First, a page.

(by Andrew Gelman)
Dan Vergano writes in USA Today:
Evidence of plagiarism and complaints about the peer-review process have led a statistics journal to retract a federally funded study that condemned scientific support for global warming. The study, which appeared in 2008 in the journal Computational Statistics and Data Analysis, was headed by statistician Edward Wegman . . . The journal publisher’s legal team “has decided to retract the study,” said CSDA journal editor Stanley Azen . . . A November review by three plagiarism experts of the 2006 congressional report for USA TODAY also concluded that portions contained text from Wikipedia and textbooks. The journal study, co-authored by Wegman student Yasmin Said, detailed part of the congressional report’s analysis.
This sounds bad. Here’s the response:
“Neither Dr. Wegman nor Dr. Said has ever engaged in plagiarism,” says their attorney, Milton Johns, by e-mail. In a March 16 e-mail to the journal, Wegman blamed a student who “had basically copied and pasted” from others’ work into the 2006 congressional report, and said the text was lifted without acknowledgment and used in the journal study. “We would never knowingly publish plagiarized material” wrote Wegman, a former CSDA journal editor.
Wegman’s coauthor on the journal article was his student Yasmin Said, but their attorney said that neither had engaged in plagiarism. So the student they are blaming is someone else.
I did a quick Google scholar on Wegman Said CSDA and found Social networks of author–coauthor relationships, which I assume is the offending article. The authors are Yasmin H. Said, Edward J. Wegman, Wailid K. Sharabati, and John T. Rigsby.
So Wegman and Said are saying that either Sharabati or Rigsby is the plagiarist.
There was also some controversy because the paper was accepted by the journal after five days and apparently not the highest quality, according to CMU expert Kathleen Carley. Here’s what the journal editor wrote, five days after receiving the submission of the ill-fated Said, Wegman, Sharabati, and Rigsby article:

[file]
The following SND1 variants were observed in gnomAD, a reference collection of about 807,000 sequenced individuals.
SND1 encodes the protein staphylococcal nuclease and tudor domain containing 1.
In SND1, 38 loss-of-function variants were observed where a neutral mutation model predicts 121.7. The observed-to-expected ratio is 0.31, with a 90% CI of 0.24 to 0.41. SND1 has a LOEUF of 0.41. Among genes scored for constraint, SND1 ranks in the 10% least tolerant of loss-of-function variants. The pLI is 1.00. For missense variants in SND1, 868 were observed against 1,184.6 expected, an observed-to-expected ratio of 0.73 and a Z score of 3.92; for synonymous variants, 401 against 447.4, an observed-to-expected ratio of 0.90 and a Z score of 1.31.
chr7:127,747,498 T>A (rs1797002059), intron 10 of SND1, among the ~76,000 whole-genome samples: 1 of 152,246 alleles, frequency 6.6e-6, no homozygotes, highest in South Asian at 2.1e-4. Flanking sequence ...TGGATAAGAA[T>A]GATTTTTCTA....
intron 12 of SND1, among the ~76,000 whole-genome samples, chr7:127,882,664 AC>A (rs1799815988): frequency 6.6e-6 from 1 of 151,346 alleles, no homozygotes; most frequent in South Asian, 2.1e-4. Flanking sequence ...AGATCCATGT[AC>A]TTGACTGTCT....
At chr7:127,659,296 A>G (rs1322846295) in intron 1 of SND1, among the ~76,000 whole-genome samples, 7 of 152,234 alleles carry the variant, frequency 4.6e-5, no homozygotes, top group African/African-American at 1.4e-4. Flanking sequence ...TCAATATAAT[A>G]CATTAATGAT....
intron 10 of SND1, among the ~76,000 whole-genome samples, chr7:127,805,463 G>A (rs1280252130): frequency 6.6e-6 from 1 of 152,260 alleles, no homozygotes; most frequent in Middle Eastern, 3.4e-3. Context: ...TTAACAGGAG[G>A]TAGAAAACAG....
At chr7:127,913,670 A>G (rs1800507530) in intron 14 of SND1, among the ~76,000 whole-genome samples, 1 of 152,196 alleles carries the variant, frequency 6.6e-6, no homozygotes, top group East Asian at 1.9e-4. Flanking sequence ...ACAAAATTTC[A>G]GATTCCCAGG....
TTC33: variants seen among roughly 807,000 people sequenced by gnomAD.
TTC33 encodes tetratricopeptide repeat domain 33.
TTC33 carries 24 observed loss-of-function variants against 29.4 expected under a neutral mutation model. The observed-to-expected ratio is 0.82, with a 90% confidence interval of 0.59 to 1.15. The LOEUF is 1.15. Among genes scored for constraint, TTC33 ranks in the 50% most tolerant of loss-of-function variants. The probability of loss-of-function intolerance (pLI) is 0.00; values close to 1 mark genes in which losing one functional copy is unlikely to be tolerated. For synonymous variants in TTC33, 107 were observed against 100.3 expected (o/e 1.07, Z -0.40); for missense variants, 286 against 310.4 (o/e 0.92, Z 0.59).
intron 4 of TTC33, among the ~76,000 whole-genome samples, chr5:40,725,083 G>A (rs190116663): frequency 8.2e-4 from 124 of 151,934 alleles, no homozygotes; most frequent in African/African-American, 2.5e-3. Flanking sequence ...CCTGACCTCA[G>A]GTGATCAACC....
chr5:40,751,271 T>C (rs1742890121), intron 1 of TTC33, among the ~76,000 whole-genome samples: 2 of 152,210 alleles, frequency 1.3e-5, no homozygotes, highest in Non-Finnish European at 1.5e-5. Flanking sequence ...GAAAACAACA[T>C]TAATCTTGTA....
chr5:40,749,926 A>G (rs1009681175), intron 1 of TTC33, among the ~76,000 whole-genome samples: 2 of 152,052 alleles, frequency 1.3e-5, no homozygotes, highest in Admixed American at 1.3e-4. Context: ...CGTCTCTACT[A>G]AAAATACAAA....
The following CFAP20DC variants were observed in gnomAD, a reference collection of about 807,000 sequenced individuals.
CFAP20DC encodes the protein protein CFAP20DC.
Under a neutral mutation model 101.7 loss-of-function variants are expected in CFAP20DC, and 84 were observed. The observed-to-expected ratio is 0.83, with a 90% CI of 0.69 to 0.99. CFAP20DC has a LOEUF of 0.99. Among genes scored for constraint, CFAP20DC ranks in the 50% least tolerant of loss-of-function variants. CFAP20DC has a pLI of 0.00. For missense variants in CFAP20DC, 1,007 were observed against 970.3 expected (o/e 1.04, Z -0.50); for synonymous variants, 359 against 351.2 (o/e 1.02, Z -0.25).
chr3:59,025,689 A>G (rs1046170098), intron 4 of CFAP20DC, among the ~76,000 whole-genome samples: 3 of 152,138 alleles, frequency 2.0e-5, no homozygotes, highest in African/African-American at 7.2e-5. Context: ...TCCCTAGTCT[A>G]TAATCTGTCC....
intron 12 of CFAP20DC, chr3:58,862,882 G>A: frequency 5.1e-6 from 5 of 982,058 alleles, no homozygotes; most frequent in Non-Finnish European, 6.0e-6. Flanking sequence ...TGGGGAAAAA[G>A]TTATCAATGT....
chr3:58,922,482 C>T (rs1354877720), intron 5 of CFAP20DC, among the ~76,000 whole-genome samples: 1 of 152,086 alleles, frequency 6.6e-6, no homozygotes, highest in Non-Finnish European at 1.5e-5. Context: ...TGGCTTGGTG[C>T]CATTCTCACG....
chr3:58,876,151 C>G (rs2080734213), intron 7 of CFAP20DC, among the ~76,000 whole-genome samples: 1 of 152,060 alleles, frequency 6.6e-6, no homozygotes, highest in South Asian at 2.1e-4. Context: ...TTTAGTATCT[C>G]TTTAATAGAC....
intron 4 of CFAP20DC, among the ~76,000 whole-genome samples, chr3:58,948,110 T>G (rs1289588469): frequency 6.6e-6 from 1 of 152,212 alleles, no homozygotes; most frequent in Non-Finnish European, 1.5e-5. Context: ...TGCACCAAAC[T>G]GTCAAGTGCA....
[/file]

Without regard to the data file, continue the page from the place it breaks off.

Dear Ed: I personally reviewed your very interesting (and unique) manuscript. I think the paper is very interesting, and I could not identify any errors. So, I am pleased to inform you and your colleagues that your paper “Social Networks of Author-Coauthor Relationships” has been accepted for publication in Computational Statistics and Data Analysis.
Your paper will now be forwarded to the Publisher who will contact you soon with full details. Thank you for submitting your work to this journal.
Azen says he must have overseen an earlier, more extensive review of the paper involving outside reviewers. But he says he has no records of this earlier review, because his records were destroyed in an office move. “I would never have done just a personal review,” he says.
As an author and editor of many scientific journals, I actually think it’s ok to just do a personal review. In retrospect, accepting this particular paper was a mistake–but review by a journal editor is a form of peer review. I once submitted a apaper accepted in the same day that I submitted it–and this was to a good journal. I think this is just fine. I don’t see what’s gained by dragging the process out. In this particular case it doesn’t make the journal editor look very good, but that’s a risk you have to take.
I guess what I’m saying is: If Azen really did an earlier review with outside reviewers, then I’m sorry that his records were destroyed because it wouldn’t look so bad to accept such an article if you’re backed up by outside experts. But if actually he actually just reviewed it himself, I think that’s ok as a general policy to occasionally accept excellent papers without wasting everyone’s time in a review process.
There was also another student involved, Denise Reeves; Vergano writes that Reeves was “the ‘most knowledgeable’ person about such analyses on Wegman’s team, according to a note that Wegman sent to CSDA in March.” But Reeves would not seem to be the person accused by Said and Wegman of plagiarism, as she was not a coauthor of the retracted paper. (It would be pretty odd to make a plagiarism accusation against someone who was not a coauthor, as the accusation would imply that a non-author wrote some of the paper, which is a no-no in itself.)
One thing that’s interesting to me is that Said and Wegman are so sure that either Sharabati or Rigsby is the culprit. Perhaps they have some email trail or some manuscript with version control that shows who added the offending material?
Beyond the details, the case is completely bizarre, as noted by John Timmer. In the now-retracted CSDA article, “certain styles of research were suggested to be prone to ‘groupthink, reduced creativity and the possibility of less-rigorous reviewing processes.’ . . . the paper was accepted five days after submission by an editor who was a personal friend of Wegman’s, an irony given that the study was about the nefarious influence of social networks.”
Edward Wegman received the Founders Award in 2002 from the American Statistical Association.